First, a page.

Ivan Nova’s trade to the Pittsburgh Pirates at this year’s deadline failed to attract many headlines among the deluge of significant deals completed on the 1st of August. Yet Nova’s performances since arriving in Pittsburgh have brought an under the radar trade firmly into the spotlight. Whilst the Pirates’ playoffs hopes look to have been muted, sitting 6 games back of the 2nd NL wildcard spot, Nova’s performances lend hope to a possible revival of fortunes in 2017. In 7 starts in a Pirates uniform Nova has posted an impressive 5-0 record with a 3.00 ERA, 3.02 FIP and average gamescore (v2) of 62.
Compare that to Nova’s first half of the season in New York as a starter (Nova made 6 relief appearances between April 6th and May 1st) and the apparent improvement since the trade is drastic:
During the second half of the season Nova ranks 14th in the Majors in ERA, 42nd in FIP and 40th in WAR, trailing only Jameson Taillon for the Pirates in the last two categories. Amazingly for Nova, who struggled with the home-run ball in New York, he now leads the Pirates with a 10.0% HR/FB in the second half.
Nova’s improvement is indisputable and, given his new home in Pittsburgh, perhaps unsurprising. The Pirates have pedigree when it comes to transforming underperforming starters. As Travis Sawchik details in his superb analysis in Big Data Baseball of the Pirates turnaround to become a team in contention, the Pirates front office places significant emphasis on starting pitchers producing groundballs as often as possible. As Sawchik highlights, increasing the groundball percentages of starters such as Jeff Locke, Francisco Liriano and Charlie Morton were vital contributions to the resurgence of all three in 2013.
Nova’s resurgence, however, has been different:
|4-seam FB%||2-seam FB%||FB% (both)||Slider%||Curve%||Change%|
Let’s start with Nova’s pitch arsenal. Immediately striking is the reduced reliance upon the fastball, falling from 68% in New York to 61% in Pittsburgh. Meanwhile, the percentage of 2-seamers thrown has counterintuitively increased, most likely favoured by the Pirates for its sinking action. Just as significant, however, is Nova’s increased use of his off-speed stuff with an increased usage for both the curveball and the changeup, surprising for a starter struggling with giving up home-runs. A changing pattern in Nova’s pitch usage is clear, but alone does not offer an explanation for the starter’s upturn in fortunes.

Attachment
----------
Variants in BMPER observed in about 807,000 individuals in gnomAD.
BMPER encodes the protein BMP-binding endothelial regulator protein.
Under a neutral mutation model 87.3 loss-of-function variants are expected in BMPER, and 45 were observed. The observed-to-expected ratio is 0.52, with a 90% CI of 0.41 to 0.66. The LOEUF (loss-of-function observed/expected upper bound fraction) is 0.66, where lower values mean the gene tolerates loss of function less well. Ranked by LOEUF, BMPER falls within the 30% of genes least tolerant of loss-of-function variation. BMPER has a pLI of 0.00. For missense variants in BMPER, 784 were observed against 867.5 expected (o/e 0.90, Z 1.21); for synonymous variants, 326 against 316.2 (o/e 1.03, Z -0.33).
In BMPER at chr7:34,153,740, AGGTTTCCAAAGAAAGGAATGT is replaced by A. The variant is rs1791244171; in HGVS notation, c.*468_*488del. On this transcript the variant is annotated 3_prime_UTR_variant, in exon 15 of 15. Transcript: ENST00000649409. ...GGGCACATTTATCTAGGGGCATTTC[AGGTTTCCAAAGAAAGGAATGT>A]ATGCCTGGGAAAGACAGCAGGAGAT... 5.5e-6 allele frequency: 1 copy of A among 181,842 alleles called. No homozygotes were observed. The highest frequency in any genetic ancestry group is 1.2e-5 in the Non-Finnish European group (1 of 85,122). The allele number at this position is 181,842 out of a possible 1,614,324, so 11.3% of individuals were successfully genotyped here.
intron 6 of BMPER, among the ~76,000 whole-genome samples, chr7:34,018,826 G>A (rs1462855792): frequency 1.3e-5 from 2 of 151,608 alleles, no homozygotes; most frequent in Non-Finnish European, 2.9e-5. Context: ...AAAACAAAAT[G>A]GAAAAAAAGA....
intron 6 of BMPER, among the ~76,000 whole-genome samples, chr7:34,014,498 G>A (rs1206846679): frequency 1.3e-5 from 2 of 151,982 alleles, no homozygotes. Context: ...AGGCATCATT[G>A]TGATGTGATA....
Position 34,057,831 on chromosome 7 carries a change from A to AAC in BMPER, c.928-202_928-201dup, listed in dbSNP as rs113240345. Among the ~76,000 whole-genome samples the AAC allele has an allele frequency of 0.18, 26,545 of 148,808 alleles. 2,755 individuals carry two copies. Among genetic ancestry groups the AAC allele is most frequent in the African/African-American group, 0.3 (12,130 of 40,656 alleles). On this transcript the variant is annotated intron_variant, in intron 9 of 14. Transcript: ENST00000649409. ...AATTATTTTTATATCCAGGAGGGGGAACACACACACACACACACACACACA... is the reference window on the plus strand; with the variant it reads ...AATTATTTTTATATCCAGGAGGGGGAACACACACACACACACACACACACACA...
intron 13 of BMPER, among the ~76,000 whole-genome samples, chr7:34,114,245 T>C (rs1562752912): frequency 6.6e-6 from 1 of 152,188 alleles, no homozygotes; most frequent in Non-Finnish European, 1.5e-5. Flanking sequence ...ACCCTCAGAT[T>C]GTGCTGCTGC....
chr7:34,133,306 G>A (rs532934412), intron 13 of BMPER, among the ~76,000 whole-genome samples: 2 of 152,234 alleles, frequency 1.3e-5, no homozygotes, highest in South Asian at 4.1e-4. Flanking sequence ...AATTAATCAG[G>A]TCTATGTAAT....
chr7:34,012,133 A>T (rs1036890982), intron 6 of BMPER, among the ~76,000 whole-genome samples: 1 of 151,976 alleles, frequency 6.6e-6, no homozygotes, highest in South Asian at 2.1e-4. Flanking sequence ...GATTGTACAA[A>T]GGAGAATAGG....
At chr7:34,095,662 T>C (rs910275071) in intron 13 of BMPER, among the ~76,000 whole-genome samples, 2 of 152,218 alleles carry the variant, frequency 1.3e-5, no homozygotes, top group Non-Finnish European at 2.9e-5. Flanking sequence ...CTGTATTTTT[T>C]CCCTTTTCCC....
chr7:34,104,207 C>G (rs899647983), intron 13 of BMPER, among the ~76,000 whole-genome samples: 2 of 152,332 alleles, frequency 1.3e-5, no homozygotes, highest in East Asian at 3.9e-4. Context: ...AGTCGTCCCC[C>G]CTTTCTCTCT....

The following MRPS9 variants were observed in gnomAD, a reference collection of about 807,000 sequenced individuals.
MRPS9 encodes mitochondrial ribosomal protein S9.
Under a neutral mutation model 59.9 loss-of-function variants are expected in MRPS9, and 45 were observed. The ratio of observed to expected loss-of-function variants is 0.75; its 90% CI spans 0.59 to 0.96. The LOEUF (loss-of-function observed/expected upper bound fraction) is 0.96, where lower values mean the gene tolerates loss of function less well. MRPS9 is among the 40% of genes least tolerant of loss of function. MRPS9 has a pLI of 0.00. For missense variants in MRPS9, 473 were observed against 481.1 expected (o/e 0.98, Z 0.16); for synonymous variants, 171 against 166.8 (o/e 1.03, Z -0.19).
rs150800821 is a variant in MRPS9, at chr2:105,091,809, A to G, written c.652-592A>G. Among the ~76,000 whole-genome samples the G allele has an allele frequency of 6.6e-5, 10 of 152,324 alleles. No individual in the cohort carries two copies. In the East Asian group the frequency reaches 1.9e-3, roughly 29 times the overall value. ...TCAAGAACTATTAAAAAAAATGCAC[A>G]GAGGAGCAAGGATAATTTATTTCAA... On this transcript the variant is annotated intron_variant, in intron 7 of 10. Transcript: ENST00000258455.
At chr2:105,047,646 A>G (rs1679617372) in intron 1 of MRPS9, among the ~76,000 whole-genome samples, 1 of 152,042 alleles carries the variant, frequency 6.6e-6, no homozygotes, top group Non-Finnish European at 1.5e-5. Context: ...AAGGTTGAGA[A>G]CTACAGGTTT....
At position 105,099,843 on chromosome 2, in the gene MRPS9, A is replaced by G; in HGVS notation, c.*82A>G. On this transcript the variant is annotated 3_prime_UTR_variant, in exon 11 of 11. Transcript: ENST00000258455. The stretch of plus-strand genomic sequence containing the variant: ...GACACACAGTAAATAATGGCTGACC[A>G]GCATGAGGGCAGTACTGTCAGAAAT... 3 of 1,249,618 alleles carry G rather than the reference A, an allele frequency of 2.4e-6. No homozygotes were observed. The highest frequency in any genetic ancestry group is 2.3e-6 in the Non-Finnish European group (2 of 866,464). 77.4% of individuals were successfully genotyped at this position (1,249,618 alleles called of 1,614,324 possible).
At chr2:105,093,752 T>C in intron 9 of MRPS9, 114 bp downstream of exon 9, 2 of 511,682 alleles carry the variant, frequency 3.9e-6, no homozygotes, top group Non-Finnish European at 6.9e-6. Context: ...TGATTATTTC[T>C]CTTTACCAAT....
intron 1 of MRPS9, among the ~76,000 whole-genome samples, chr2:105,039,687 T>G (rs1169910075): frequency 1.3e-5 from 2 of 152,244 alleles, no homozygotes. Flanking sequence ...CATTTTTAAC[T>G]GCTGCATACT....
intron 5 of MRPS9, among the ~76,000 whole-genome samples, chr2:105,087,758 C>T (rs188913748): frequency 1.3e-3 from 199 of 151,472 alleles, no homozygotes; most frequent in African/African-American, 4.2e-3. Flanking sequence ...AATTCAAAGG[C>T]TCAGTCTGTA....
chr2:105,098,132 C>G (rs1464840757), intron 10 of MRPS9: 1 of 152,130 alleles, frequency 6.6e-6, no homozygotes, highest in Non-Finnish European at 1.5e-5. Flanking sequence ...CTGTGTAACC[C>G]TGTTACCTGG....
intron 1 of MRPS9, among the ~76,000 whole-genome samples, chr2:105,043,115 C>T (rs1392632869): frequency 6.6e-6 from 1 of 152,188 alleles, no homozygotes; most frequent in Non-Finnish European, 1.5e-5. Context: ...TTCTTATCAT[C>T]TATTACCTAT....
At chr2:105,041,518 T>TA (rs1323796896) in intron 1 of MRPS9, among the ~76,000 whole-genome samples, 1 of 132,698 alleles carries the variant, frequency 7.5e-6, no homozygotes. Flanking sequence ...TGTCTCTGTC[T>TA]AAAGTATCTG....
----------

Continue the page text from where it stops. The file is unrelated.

|First Strike%||Zone%||Hit Hard%||Pull%|
Instead we must look to Nova’s plate discipline and pitch control for answers. The results of Nova’s increased use of off-speed stuff are striking. Nova is simply doing a better job of dictating at-bats, rather than having them controlled by the hitter. Crucial is Nova’s improved ability to get ahead in the count, with his first-pitch strike percentage up from 58% to 69%;the average first-strike percentage is 59%. Think about that; more than two thirds of the time Nova moves the count to 0-1. If you consider each at-bat like a hand of blackjack, with the odds of winning change with the outcome of every pitch. Getting ahead gives Nova a significant advantage. Then comes Nova’s improved control throughout the rest of the at-bat, finding the zone on 48% of pitches, compared to just 41% during his time in New York in 2016.
Nova’s new strategy appears to rest on getting ahead in the count early and then clinically shutting down hitters with a blend of off-speed stuff designed to confuse the hitters’ timing and reduce good contact. The results of this are shown above, with Nova’s hard hit% falling from 36% to 34% and percentage of balls pulled (suggesting fewer hitters being early on a pitch they’re sitting on) falling from 45% to 41%.
While Nova’s upturn in performance may benefit from intangible factors such as a change of scenery, reduced pressure from not pitching in New York and improved confidence; his change in strategy is also undeniable. Nova struggled in the first half of 2016 with giving up home runs, the Pirates appear to have found a solution by encouraging Nova to take control of more at-bats by getting ahead in the count as often as possible. Once ahead, Nova has both the off-speed options and sufficient control to put-off hitters’ timings, thereby reducing the number of hard hit balls and, as a result, fewer home-runs.
This theory must also come with a disclaimer; Nova has only made 7 starts for Pittsburgh which could raise some concerns about the sample sizes of data available at this point. Nevertheless, some noticeable trends are beginning to develop in Nova’s favor. It would be no surprise to see Nova, with his first spring training in Pittsburgh under his belt, form a steady part in a resurgent Pirates rotation in 2017.
All statistics are correct prior to last night’s start, when he threw 6 innings of 1 run ball with 11 strikeouts, and are sourced from Fangraphs.com